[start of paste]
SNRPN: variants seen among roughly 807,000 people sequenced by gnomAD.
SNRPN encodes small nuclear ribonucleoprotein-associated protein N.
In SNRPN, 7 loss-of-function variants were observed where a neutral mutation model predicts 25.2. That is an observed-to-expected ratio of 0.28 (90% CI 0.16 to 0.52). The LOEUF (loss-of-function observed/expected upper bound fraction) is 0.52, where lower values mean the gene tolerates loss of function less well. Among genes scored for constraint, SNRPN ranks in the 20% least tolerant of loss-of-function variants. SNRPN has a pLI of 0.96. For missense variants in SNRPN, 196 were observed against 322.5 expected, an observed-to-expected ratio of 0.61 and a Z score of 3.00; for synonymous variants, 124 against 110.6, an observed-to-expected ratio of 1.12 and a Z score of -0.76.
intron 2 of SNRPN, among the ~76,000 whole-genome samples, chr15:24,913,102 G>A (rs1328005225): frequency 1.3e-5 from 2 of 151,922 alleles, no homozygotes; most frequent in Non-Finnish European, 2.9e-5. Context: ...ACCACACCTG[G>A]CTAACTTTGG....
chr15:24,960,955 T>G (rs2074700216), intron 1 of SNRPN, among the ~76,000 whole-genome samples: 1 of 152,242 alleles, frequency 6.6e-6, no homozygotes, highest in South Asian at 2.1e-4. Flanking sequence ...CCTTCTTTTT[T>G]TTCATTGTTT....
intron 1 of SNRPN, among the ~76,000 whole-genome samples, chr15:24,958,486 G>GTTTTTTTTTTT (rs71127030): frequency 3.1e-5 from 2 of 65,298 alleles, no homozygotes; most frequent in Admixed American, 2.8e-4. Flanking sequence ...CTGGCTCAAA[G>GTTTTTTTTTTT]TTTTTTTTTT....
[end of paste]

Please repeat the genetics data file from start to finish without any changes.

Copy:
SNRPN: variants seen among roughly 807,000 people sequenced by gnomAD.
SNRPN encodes small nuclear ribonucleoprotein-associated protein N.
In SNRPN, 7 loss-of-function variants were observed where a neutral mutation model predicts 25.2. That is an observed-to-expected ratio of 0.28 (90% CI 0.16 to 0.52). The LOEUF (loss-of-function observed/expected upper bound fraction) is 0.52, where lower values mean the gene tolerates loss of function less well. Among genes scored for constraint, SNRPN ranks in the 20% least tolerant of loss-of-function variants. SNRPN has a pLI of 0.96. For missense variants in SNRPN, 196 were observed against 322.5 expected, an observed-to-expected ratio of 0.61 and a Z score of 3.00; for synonymous variants, 124 against 110.6, an observed-to-expected ratio of 1.12 and a Z score of -0.76.
intron 2 of SNRPN, among the ~76,000 whole-genome samples, chr15:24,913,102 G>A (rs1328005225): frequency 1.3e-5 from 2 of 151,922 alleles, no homozygotes; most frequent in Non-Finnish European, 2.9e-5. Context: ...ACCACACCTG[G>A]CTAACTTTGG....
chr15:24,960,955 T>G (rs2074700216), intron 1 of SNRPN, among the ~76,000 whole-genome samples: 1 of 152,242 alleles, frequency 6.6e-6, no homozygotes, highest in South Asian at 2.1e-4. Flanking sequence ...CCTTCTTTTT[T>G]TTCATTGTTT....
intron 1 of SNRPN, among the ~76,000 whole-genome samples, chr15:24,958,486 G>GTTTTTTTTTTT (rs71127030): frequency 3.1e-5 from 2 of 65,298 alleles, no homozygotes; most frequent in Admixed American, 2.8e-4. Flanking sequence ...CTGGCTCAAA[G>GTTTTTTTTTTT]TTTTTTTTTT....